- ALERT action must be taken immediately
- CRITICAL the system is in critical condition
- ERROR error condition
- WARNING warning condition
- NOTICE a normal but significant condition
- INFO a purely informational message
- DEBUG messages to debug an application
Filename and Line Number Display
For increased debugging comfort Metalogger automatically displays the filename and line number where a log
message is fired at. This is typically very handy in development. If you wish to disable this in production, however
set the environment variable
NODE_LOGGER_SHOWLINES to 0 or any value that is not 1.
The great value of metalogger is in unifying (to the level that it makes sense) the usage of various loggers. Even though the first three implemented loggers (util, npmlog, log) are quite different, metalogger manages to bridge these differences.
As a best practice, you shouldn't set plugin and/or level values when initializing metalogger from your re-usable modules. If not set, these values will default to NODE_LOGGER_PLUGIN and NODE_LOGGER_LEVEL environmental variables, allowing the main application to control desired logging universally.
Initialize metalogger, in your modules, as follows:
var log = require('metalogger')();
after which you can use one of the following syntaxes, regardless of the underlying logging plugin.
Using a caption:
log.debug("User object:", user);
In the advanced syntax, you can use caption (first argument), format (second argument) and unlimited number of value-arguments to construct a complex expressions:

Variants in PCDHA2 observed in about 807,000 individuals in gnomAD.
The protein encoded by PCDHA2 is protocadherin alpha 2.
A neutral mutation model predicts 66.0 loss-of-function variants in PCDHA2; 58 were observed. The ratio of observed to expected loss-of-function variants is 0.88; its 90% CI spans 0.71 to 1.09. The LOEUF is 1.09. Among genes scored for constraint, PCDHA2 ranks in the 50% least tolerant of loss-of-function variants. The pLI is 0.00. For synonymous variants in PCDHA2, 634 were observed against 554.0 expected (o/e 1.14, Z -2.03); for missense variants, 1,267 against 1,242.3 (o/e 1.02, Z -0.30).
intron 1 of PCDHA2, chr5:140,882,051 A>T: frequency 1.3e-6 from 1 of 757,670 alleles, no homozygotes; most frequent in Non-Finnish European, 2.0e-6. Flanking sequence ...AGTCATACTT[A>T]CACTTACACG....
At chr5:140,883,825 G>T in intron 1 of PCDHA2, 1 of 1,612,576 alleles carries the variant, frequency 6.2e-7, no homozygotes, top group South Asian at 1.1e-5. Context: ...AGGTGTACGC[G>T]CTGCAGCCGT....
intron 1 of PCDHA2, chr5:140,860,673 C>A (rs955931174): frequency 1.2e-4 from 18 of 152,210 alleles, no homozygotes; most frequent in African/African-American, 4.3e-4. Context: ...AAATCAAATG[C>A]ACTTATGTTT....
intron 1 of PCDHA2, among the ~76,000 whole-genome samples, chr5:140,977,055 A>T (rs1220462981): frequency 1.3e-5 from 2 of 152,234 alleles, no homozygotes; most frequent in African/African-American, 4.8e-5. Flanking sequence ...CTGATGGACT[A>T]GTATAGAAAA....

log.debug("Caption: ", "Formatted sequence is string: %s, number: %d, number2: %d", somestring, somenumber, othernumber);
the format syntax follows the semantics of util.format
Global logging level can be overriden on a per-file basis. This can be extremely useful when you are debugging or developing a specific module and want to use granular logging for it, but want to turn off the noise from the rest of the modules.
To override global logging level for a specific file, you set an environment variable as follows:
Let's assume you would like to turn logging level to 'debug' for a file: `lib/models/user.js', you set an environmental variable as follows (example for Linux):
Please note that since Linux shell doesn't allow dots or slashes in a variable name, you have to replace those with underscores.
Path to file must be indicated from the current folder of the node process.
Suggested production configuration for Metalogger is as follows:
export NODE_LOGGER_LEVEL='notice' export NODE_LOGGER_GRANULARLEVELS=0
which will set default logging level at
notice, and turn off granular level processing for better performance.
If you are really concerned about performance you can also turn off 'show lines` feaure with:
it is typically not necessary however, since unless you're logging a lot, the overhead of showing filelines in the log is not high (typically: small fraction of a millisecond) and in most cases it could be quite useful to be able to see where error logs occured even in production, for debugging purposes.
You can control syslog configuration for AIN2 using the following environmental variables: